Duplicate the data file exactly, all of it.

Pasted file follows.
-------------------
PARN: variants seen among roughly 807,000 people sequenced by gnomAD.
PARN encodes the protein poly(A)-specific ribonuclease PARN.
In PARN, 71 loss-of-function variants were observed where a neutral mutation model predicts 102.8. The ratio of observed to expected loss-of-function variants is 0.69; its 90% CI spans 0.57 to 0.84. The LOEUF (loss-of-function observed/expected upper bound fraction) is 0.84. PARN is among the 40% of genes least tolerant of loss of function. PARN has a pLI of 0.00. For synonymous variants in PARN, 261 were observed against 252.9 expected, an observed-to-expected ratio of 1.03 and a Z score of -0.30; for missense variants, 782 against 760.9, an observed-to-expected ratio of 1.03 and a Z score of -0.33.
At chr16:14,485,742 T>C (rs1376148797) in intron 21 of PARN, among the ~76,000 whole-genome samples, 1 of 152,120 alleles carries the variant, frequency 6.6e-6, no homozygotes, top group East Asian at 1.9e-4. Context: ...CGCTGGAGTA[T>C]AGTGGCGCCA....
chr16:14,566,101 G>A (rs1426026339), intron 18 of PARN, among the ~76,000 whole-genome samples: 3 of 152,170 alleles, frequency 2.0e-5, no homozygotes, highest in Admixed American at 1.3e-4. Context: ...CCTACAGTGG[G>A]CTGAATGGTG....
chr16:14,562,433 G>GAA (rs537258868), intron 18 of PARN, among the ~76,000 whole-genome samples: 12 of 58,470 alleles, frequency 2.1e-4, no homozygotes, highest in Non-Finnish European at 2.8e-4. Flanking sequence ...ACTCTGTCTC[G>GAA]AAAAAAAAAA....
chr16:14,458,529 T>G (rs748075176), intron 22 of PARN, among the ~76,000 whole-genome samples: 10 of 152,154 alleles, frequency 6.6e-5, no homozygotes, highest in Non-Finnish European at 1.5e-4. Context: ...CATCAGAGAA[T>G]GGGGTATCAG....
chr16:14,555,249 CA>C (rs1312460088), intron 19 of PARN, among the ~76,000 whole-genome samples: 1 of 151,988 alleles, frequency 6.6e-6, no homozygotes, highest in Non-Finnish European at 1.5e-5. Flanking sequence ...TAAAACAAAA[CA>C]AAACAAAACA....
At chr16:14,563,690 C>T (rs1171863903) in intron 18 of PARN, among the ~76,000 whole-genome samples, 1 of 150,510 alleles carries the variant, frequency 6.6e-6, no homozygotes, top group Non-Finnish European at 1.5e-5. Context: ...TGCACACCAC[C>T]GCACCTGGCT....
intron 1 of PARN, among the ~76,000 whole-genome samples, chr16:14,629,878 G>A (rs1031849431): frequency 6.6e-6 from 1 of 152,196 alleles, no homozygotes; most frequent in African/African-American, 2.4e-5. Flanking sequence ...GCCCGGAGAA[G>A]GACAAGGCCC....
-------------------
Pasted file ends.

PARN: variants seen among roughly 807,000 people sequenced by gnomAD.
PARN encodes the protein poly(A)-specific ribonuclease PARN.
In PARN, 71 loss-of-function variants were observed where a neutral mutation model predicts 102.8. The ratio of observed to expected loss-of-function variants is 0.69; its 90% CI spans 0.57 to 0.84. The LOEUF (loss-of-function observed/expected upper bound fraction) is 0.84. PARN is among the 40% of genes least tolerant of loss of function. PARN has a pLI of 0.00. For synonymous variants in PARN, 261 were observed against 252.9 expected, an observed-to-expected ratio of 1.03 and a Z score of -0.30; for missense variants, 782 against 760.9, an observed-to-expected ratio of 1.03 and a Z score of -0.33.
At chr16:14,485,742 T>C (rs1376148797) in intron 21 of PARN, among the ~76,000 whole-genome samples, 1 of 152,120 alleles carries the variant, frequency 6.6e-6, no homozygotes, top group East Asian at 1.9e-4. Context: ...CGCTGGAGTA[T>C]AGTGGCGCCA....
chr16:14,566,101 G>A (rs1426026339), intron 18 of PARN, among the ~76,000 whole-genome samples: 3 of 152,170 alleles, frequency 2.0e-5, no homozygotes, highest in Admixed American at 1.3e-4. Context: ...CCTACAGTGG[G>A]CTGAATGGTG....
chr16:14,562,433 G>GAA (rs537258868), intron 18 of PARN, among the ~76,000 whole-genome samples: 12 of 58,470 alleles, frequency 2.1e-4, no homozygotes, highest in Non-Finnish European at 2.8e-4. Flanking sequence ...ACTCTGTCTC[G>GAA]AAAAAAAAAA....
chr16:14,458,529 T>G (rs748075176), intron 22 of PARN, among the ~76,000 whole-genome samples: 10 of 152,154 alleles, frequency 6.6e-5, no homozygotes, highest in Non-Finnish European at 1.5e-4. Context: ...CATCAGAGAA[T>G]GGGGTATCAG....
chr16:14,555,249 CA>C (rs1312460088), intron 19 of PARN, among the ~76,000 whole-genome samples: 1 of 151,988 alleles, frequency 6.6e-6, no homozygotes, highest in Non-Finnish European at 1.5e-5. Flanking sequence ...TAAAACAAAA[CA>C]AAACAAAACA....
At chr16:14,563,690 C>T (rs1171863903) in intron 18 of PARN, among the ~76,000 whole-genome samples, 1 of 150,510 alleles carries the variant, frequency 6.6e-6, no homozygotes, top group Non-Finnish European at 1.5e-5. Context: ...TGCACACCAC[C>T]GCACCTGGCT....
intron 1 of PARN, among the ~76,000 whole-genome samples, chr16:14,629,878 G>A (rs1031849431): frequency 6.6e-6 from 1 of 152,196 alleles, no homozygotes; most frequent in African/African-American, 2.4e-5. Flanking sequence ...GCCCGGAGAA[G>A]GACAAGGCCC....